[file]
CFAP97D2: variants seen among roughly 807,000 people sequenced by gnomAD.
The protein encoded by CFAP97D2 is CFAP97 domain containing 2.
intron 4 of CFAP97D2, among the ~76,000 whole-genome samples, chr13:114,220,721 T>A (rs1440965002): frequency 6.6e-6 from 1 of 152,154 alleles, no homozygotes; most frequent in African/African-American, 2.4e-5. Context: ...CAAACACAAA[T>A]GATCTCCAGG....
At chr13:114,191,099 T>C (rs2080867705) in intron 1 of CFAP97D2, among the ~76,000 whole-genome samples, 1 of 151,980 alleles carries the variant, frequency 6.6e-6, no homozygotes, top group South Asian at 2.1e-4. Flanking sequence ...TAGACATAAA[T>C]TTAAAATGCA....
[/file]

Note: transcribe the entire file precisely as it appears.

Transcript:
CFAP97D2: variants seen among roughly 807,000 people sequenced by gnomAD.
The protein encoded by CFAP97D2 is CFAP97 domain containing 2.
intron 4 of CFAP97D2, among the ~76,000 whole-genome samples, chr13:114,220,721 T>A (rs1440965002): frequency 6.6e-6 from 1 of 152,154 alleles, no homozygotes; most frequent in African/African-American, 2.4e-5. Context: ...CAAACACAAA[T>A]GATCTCCAGG....
At chr13:114,191,099 T>C (rs2080867705) in intron 1 of CFAP97D2, among the ~76,000 whole-genome samples, 1 of 151,980 alleles carries the variant, frequency 6.6e-6, no homozygotes, top group South Asian at 2.1e-4. Flanking sequence ...TAGACATAAA[T>C]TTAAAATGCA....